I don't know whether my question will be chosen but if it is you might find it interesting. 

B xxx

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Thanks bombsh3II for your input. Yes it is very frustrating when we feel (faint, woozy, weak, dizzy and lightheaded) not (vertigo) but our vitals betray us, especially at our doctor's. 

 

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Dear Delta,

I was on Propranolol for more than 20 years, but for some reason it lost its effect, that is why doctors switched me to Atenolol. The other thing you mentioned (taking your Propranolol first in the morning) will not work with me, because my lowest BP and HR are in the morning.

Thanks for your sincere reply.

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I hate that low blood sugar feeling. My cardiologist said the jittery feelings and sweats I was experiencing was an adrenaline surge from being upright. But I started checking my sugars and they where anywhere from 39-45!  And they happen so quick.  Pretty scarey  

@Heartbroken-I’m guessing you are on Tricare Prime. If you can switch to Tricare Standard and buy a secondary insurance, the cost is about the same but then you are not required to get referrals from your PCP.  You can refer yourself.  Plus more civilian doctors take Tricare Standard than tricare Prime  

 

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@gackedo - I can tell the difference between adrenaline surges and hypoglycemia. A surge gives me tremors, chills, tachycardia, nervousness … hypoglycemia gives me shakes but also extreme sweating, weakness, hunger and drowsiness. The sweating and the weakness are the most different symptoms and of course the fact that the symptoms disappear once I eat. 

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I too have this reaction and palpatations in my upper left side...I was DX with pancreatitis ...and many of us with pancreatitis have that throbbing ..but now I am wondering if it could be something else....I also have MAST CELL ACTIVATION which goes hand in hand with POTS>.....you may also have that .  In my opinion symptoms that doctors call anxiety are really something malfuntioning in our bodies....hormones, GI, etc etc....sorry you went through that.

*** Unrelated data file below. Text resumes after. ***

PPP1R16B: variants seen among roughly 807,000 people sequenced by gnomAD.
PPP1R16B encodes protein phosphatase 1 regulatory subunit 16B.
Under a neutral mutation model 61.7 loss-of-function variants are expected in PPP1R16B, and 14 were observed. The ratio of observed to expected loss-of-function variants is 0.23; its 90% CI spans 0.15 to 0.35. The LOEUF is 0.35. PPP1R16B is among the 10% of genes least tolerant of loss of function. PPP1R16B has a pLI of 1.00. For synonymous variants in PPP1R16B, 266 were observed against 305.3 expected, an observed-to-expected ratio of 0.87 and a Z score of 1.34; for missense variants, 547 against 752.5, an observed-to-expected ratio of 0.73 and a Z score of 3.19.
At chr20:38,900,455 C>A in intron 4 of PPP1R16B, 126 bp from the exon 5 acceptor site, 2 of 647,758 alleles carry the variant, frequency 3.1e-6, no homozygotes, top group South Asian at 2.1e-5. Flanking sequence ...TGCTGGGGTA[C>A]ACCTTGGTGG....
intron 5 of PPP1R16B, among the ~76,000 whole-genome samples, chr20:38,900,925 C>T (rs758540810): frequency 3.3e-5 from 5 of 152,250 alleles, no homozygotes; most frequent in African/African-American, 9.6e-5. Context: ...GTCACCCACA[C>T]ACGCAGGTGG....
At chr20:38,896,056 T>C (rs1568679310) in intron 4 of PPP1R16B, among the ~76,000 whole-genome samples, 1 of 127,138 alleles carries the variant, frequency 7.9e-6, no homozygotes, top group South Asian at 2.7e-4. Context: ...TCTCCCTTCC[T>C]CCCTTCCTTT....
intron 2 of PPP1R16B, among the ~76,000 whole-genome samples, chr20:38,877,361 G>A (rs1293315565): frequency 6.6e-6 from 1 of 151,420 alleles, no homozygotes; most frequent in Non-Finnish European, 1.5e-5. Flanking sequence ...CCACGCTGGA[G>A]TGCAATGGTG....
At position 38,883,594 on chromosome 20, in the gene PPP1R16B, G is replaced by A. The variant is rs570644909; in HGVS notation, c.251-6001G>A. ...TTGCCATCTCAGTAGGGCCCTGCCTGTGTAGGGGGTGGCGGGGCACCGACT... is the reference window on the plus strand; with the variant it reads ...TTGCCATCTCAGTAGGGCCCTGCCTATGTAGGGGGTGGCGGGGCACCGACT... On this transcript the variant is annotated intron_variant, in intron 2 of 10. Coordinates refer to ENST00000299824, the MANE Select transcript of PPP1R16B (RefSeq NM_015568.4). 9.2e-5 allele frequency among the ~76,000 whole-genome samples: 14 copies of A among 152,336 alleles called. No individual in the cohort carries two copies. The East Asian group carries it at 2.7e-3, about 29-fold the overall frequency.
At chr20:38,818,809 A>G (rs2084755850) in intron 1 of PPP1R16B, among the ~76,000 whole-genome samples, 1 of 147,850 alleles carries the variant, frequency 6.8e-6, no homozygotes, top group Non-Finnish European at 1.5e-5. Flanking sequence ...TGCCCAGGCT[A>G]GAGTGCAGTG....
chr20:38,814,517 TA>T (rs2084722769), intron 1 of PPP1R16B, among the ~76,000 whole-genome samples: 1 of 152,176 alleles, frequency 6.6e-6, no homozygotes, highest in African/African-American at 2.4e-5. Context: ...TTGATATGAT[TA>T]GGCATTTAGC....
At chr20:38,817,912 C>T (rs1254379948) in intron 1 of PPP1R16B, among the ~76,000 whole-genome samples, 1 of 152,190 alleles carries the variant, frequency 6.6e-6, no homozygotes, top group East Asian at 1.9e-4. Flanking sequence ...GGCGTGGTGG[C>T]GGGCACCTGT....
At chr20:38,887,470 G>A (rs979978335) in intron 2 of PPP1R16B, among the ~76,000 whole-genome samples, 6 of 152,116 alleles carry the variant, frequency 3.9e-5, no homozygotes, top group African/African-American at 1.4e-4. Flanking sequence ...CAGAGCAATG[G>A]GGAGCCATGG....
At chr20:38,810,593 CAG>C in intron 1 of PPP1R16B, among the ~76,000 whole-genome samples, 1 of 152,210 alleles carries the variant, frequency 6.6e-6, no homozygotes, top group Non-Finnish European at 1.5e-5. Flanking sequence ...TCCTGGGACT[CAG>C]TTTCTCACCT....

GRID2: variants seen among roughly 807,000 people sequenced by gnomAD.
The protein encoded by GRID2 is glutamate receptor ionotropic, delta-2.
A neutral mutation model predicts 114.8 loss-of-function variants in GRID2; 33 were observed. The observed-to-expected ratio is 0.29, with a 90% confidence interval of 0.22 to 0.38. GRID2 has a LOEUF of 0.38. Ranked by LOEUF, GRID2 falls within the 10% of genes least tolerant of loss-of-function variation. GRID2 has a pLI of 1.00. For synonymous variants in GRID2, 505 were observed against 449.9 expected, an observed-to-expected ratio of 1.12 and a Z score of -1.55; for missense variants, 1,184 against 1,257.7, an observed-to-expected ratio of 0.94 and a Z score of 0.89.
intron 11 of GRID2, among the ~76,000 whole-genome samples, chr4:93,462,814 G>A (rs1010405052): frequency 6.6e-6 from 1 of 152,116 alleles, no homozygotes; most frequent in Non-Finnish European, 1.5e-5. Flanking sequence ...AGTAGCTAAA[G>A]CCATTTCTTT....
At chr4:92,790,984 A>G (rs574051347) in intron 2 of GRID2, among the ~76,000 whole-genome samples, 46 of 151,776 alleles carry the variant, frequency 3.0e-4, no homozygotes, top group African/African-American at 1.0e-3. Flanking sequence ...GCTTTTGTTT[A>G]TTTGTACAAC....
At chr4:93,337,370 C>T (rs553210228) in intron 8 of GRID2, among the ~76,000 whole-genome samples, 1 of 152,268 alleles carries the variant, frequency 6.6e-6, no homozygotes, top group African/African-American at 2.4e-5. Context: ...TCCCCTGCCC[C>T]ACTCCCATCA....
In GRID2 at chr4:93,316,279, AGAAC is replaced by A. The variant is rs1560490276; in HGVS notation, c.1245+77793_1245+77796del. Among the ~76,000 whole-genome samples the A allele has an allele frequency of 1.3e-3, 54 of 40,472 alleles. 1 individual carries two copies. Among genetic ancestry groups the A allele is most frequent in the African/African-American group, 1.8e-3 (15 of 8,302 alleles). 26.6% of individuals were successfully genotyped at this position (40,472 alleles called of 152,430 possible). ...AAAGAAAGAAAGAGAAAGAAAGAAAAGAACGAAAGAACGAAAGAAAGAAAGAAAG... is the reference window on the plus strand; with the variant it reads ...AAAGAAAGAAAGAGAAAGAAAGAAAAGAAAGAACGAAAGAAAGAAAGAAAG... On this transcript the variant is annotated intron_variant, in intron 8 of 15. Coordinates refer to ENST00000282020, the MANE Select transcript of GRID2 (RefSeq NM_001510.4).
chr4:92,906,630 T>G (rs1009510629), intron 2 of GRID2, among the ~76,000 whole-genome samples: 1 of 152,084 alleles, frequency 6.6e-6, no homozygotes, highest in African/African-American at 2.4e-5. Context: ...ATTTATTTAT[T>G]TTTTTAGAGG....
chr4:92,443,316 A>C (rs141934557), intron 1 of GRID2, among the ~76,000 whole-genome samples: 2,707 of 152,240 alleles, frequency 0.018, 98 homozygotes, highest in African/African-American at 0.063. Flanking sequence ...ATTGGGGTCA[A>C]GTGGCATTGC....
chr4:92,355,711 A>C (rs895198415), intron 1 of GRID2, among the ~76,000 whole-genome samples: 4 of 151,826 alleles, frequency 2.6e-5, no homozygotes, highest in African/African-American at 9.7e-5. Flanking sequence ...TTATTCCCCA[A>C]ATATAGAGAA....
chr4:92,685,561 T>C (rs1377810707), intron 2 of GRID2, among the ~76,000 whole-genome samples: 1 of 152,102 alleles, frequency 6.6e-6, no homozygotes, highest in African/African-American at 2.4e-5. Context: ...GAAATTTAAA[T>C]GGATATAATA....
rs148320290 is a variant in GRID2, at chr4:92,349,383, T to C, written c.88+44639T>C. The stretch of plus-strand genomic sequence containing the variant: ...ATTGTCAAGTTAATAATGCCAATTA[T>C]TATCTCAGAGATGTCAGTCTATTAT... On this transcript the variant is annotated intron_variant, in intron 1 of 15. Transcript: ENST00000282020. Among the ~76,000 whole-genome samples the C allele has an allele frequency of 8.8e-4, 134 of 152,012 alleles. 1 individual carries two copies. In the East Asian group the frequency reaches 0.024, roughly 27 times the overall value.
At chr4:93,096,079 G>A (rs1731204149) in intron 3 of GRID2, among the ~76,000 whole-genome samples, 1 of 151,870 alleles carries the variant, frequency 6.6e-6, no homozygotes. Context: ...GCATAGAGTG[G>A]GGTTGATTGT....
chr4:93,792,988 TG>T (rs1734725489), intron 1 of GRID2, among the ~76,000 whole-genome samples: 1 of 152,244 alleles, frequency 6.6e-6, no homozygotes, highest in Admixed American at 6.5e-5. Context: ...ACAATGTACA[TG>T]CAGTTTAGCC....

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You sound just like me! I have SVT (which caused my pots) and I’m hypothyroid too and I also suffer from migraines. The only thing that was abnormal with my labs the day the SVT started my pots was my magnesium was low and so was my potassium. Now I take magnesium supplements everyday and eat bananas regularly.  The magnesium helps with the migraines too.  I had a heart ablation to fix the SVT and I’m so thankful for it. I feel soooo much better now than when this first started 2 1/2 years ago. Hang in there!! You are not alone. 

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Hi Jessica,  very interested to hear about your heart ablation. 

My 15yr old daughters cardiologists has offered Sinus node ablation for her

She is in bradycardia at times as she has 1st and 2nd Degree heart block but also has hEDS and POTS so has inappropriate sinus tachycardia aswell.  It is the inappropriate sinus tachycardia that causes all her problems.

Really interested to hear about uour experience as we are still wondering if this is rhe best option for our daughter.  Thanks

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@Jojomar - I have found in the past through research that Sinus node ablation is NOT recommended for either IST nor POTS. Here is an article about it:

http://electrophysiology.onlinejacc.org/content/early/2016/12/12/j.jacep.2016.09.014

In this article ( which is very long and in medical terms ) it describes a study that was done on this subject and the conclusion of the study states: 

 

Conclusions

Procedural intervention is reserved for severe refractory cases of IST. The results of the present study indicate that IST ablation/modification achieves acute success in the vast majority of patients. However, on long-term follow-up, successful symptomatic relief drops substantially with a corresponding high recurrence rate. Complications are fairly common and diverse.

 

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12 hours ago, Jojomar said:

She is in bradycardia at times as she has 1st and 2nd Degree heart block but also has hEDS and POTS so has inappropriate sinus tachycardia aswell.  It is the inappropriate sinus tachycardia that causes all her problems.

I also would be very wary about an ablation. Has a pacemaker ever been discussed for the heart block/brady? 

That would not fix the tachycardia, but I just wanted to clarify what you said about her having POTS so has inappropriate tachycardia as well. Whilst a person can have both IST and POTS, most people with POTS do not have IST. The tachycardia in POTS is often (but not always) compensatory for low stroke volume, & is an appropriate physiological response to a problem further upstream. 

B xxx